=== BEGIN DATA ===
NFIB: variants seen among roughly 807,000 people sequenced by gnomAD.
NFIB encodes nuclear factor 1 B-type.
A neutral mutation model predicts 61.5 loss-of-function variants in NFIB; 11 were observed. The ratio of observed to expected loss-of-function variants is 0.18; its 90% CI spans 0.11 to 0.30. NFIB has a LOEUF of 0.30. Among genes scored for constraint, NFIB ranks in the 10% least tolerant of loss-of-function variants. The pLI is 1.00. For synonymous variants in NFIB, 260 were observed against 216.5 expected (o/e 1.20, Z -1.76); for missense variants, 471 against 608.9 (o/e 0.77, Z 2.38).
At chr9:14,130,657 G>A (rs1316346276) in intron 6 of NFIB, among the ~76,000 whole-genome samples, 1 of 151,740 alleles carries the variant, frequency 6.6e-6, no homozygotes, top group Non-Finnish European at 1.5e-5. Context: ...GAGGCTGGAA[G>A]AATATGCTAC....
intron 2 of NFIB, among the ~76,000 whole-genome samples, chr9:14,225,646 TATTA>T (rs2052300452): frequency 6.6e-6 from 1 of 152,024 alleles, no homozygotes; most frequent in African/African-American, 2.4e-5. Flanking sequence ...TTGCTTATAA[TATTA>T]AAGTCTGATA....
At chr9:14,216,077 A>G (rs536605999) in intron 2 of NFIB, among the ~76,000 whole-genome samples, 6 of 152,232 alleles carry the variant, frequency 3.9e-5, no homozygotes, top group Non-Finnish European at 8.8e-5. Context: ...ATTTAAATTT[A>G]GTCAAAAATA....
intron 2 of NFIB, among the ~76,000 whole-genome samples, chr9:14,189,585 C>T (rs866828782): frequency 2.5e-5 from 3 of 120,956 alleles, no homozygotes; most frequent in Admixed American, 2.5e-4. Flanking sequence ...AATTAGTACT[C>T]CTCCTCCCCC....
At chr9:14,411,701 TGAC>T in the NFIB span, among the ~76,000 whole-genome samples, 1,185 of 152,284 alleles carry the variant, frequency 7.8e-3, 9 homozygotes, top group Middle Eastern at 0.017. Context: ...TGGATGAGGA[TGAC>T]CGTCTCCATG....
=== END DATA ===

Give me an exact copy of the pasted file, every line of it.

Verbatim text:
NFIB: variants seen among roughly 807,000 people sequenced by gnomAD.
NFIB encodes nuclear factor 1 B-type.
A neutral mutation model predicts 61.5 loss-of-function variants in NFIB; 11 were observed. The ratio of observed to expected loss-of-function variants is 0.18; its 90% CI spans 0.11 to 0.30. NFIB has a LOEUF of 0.30. Among genes scored for constraint, NFIB ranks in the 10% least tolerant of loss-of-function variants. The pLI is 1.00. For synonymous variants in NFIB, 260 were observed against 216.5 expected (o/e 1.20, Z -1.76); for missense variants, 471 against 608.9 (o/e 0.77, Z 2.38).
At chr9:14,130,657 G>A (rs1316346276) in intron 6 of NFIB, among the ~76,000 whole-genome samples, 1 of 151,740 alleles carries the variant, frequency 6.6e-6, no homozygotes, top group Non-Finnish European at 1.5e-5. Context: ...GAGGCTGGAA[G>A]AATATGCTAC....
intron 2 of NFIB, among the ~76,000 whole-genome samples, chr9:14,225,646 TATTA>T (rs2052300452): frequency 6.6e-6 from 1 of 152,024 alleles, no homozygotes; most frequent in African/African-American, 2.4e-5. Flanking sequence ...TTGCTTATAA[TATTA>T]AAGTCTGATA....
At chr9:14,216,077 A>G (rs536605999) in intron 2 of NFIB, among the ~76,000 whole-genome samples, 6 of 152,232 alleles carry the variant, frequency 3.9e-5, no homozygotes, top group Non-Finnish European at 8.8e-5. Context: ...ATTTAAATTT[A>G]GTCAAAAATA....
intron 2 of NFIB, among the ~76,000 whole-genome samples, chr9:14,189,585 C>T (rs866828782): frequency 2.5e-5 from 3 of 120,956 alleles, no homozygotes; most frequent in Admixed American, 2.5e-4. Flanking sequence ...AATTAGTACT[C>T]CTCCTCCCCC....
At chr9:14,411,701 TGAC>T in the NFIB span, among the ~76,000 whole-genome samples, 1,185 of 152,284 alleles carry the variant, frequency 7.8e-3, 9 homozygotes, top group Middle Eastern at 0.017. Context: ...TGGATGAGGA[TGAC>T]CGTCTCCATG....